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Hope and Homes for Children secures major breakthrough in mission to close all orphanages

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Our former Global Charity Partner has achieved a significant milestone in its campaign across all Commonwealth states.

One year on from the end of our partnership with Hope and Homes for Children – through which we contributed a record GBP2.3m – the charity has helped to achieve an historic commitment from all 54 Commonwealth nations to eliminate orphanages.

Over 80% of children in orphanages have living parents but, because of disability, discrimination and poverty, are confined in institutions that deprive them of a family and expose them to neglect and abuse.

With over one third of the world’s children living in the Commonwealth, the ‘Starlight Declaration’, is a big step forward in Hope and Homes for Children’s mission to liberate millions of children housed in these harmful orphanages across the 54 countries.

The declaration was agreed during a recent Commonwealth Heads of Government Meeting chaired by Rwanda.

The Starlight Declaration

“We’ve been working behind the scenes for the past four years to achieve this commitment from the Commonwealth, with the support of the Government of Rwanda,” says Innocent Habimfura, Hope and Homes for Children’s East & Southern Africa representative.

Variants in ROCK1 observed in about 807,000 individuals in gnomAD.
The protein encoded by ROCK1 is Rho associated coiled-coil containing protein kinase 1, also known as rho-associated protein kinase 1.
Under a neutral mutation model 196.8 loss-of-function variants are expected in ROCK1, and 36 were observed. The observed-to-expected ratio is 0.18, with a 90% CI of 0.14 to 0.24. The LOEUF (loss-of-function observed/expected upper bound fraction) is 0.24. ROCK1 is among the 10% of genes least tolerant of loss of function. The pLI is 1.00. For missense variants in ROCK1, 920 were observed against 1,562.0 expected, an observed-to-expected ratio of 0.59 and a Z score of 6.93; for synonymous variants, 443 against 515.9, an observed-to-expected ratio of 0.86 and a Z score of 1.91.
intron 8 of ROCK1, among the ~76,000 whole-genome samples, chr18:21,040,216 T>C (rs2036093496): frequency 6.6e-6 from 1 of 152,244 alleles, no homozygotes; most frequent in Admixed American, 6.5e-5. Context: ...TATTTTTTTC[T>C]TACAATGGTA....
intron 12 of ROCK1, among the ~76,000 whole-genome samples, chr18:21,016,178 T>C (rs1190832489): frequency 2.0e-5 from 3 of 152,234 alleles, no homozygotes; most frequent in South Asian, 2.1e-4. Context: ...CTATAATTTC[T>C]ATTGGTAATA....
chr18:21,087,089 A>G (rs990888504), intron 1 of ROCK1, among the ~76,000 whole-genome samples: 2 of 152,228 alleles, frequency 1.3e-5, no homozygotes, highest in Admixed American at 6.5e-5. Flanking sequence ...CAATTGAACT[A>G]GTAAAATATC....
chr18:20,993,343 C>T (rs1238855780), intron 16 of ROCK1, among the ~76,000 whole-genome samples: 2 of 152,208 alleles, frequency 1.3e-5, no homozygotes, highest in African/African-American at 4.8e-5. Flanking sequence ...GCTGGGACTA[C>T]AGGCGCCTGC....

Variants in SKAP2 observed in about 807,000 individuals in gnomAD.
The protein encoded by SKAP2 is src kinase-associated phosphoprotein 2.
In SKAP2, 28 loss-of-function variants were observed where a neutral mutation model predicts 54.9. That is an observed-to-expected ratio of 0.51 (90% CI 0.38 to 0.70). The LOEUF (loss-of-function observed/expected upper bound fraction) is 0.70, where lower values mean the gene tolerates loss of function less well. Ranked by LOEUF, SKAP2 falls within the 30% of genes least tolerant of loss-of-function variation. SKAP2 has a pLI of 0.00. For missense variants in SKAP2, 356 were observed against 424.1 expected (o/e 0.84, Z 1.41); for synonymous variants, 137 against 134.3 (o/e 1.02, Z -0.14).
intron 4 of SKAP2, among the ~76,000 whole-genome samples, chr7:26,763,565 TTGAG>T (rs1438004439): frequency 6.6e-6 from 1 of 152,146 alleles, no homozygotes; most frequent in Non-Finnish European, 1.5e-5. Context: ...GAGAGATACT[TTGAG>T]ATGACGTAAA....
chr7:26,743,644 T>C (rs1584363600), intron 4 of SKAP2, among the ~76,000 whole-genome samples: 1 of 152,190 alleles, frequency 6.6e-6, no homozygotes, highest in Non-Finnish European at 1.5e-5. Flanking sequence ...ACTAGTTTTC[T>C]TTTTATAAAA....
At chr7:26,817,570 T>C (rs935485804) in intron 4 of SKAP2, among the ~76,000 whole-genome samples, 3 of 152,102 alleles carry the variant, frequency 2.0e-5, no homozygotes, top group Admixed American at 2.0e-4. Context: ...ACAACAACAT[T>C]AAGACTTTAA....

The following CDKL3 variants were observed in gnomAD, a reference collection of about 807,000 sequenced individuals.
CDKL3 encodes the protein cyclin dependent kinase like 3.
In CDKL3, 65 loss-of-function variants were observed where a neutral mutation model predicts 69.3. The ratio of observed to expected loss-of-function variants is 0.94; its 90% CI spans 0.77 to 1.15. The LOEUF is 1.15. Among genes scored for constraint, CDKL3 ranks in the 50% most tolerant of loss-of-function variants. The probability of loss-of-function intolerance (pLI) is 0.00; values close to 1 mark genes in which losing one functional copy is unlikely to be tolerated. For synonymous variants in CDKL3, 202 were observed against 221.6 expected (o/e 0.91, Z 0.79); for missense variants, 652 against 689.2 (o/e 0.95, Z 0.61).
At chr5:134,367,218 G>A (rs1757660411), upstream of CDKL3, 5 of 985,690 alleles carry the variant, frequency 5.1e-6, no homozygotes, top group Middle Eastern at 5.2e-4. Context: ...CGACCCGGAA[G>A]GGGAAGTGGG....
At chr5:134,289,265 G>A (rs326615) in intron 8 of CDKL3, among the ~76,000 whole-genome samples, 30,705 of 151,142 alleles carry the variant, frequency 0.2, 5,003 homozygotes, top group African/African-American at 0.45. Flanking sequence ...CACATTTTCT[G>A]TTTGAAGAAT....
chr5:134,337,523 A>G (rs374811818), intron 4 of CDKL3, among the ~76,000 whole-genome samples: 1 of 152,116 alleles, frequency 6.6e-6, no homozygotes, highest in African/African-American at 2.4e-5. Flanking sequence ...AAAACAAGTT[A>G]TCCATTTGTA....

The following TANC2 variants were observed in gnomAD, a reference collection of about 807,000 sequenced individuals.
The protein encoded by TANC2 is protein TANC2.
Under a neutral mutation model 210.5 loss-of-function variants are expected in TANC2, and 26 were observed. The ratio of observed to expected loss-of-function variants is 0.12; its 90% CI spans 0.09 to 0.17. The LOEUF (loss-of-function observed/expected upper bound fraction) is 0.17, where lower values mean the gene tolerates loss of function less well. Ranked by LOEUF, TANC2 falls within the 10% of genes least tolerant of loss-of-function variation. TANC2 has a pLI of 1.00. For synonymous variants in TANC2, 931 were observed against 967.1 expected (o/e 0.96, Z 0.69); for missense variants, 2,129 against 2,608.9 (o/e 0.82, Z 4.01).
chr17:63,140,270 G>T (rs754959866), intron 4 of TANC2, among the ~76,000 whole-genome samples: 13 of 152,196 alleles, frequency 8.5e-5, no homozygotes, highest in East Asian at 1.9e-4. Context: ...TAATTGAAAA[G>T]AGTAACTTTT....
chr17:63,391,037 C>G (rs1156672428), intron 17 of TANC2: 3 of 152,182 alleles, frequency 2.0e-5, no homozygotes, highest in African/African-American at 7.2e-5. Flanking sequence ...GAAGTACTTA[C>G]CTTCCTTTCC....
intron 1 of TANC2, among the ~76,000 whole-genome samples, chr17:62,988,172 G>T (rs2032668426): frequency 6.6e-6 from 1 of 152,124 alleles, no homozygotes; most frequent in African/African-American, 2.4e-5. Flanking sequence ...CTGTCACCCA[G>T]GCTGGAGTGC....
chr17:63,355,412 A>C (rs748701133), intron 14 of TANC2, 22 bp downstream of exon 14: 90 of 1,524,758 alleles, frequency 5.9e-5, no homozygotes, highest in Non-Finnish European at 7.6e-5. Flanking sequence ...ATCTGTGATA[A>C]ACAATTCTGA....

“Broadly, the Commonwealth nations have committed to childcare reform and protection by implementing the UN Resolution on Children Without Parental Care. They recognise the importance of providing alternative care options, including family and community-based care,” he says.

The 54 Heads of State have also committed to progressively replace institutionalisation, provide adequate training and support for caregivers, and robust screening mechanisms within the childcare system. Importantly, the Declaration includes children with disabilities who are often overlooked in reform processes.

Read more about the full Declaration here.

A monumental milestone

Rwanda is close to becoming Africa’s first orphanage-free nation. It also now formally chairs the Commonwealth for the next two years so has additional influence to set priorities. This makes the agreement a significant milestone for Hope and Homes for Children.

“Over the past 30 years we’ve worked with governments to demonstrate that it’s absolutely possible to transition to care systems that keep families together, reunite families and when needed build new families,” says Hope and Homes for Children’s CEO, Mark Waddington CBE.

The meeting of Commonwealth Heads of Government was twice postponed during Covid but Hope and Homes for Children’s team in Rwanda continued to build dialogue with key ministries there.

Highlighting the potential for Rwanda to showcase its own success in this field was crucial in ensuring that a Declaration was tabled at the meeting.

“Everyone at A&O who has been involved in this process with us knows how monumental it is to get this over the line,” Mark says.

“Honestly, there were moments when we didn’t think it would happen, but we’re absolutely thrilled with this outcome. We don’t get many opportunities to tilt the axis of the planet in favour of children, but that’s just what’s happened.”

An update on India and Nepal

A key aim of A&O’s partnership with Hope and Homes for Children was to raise GBP500,000 to tackle the root causes of orphanage confinement in India and Nepal. Children here are at high risk of separation from families because of extreme poverty, child labour and trafficking. Many orphanages exist solely to exploit children and elicit donations from tourists.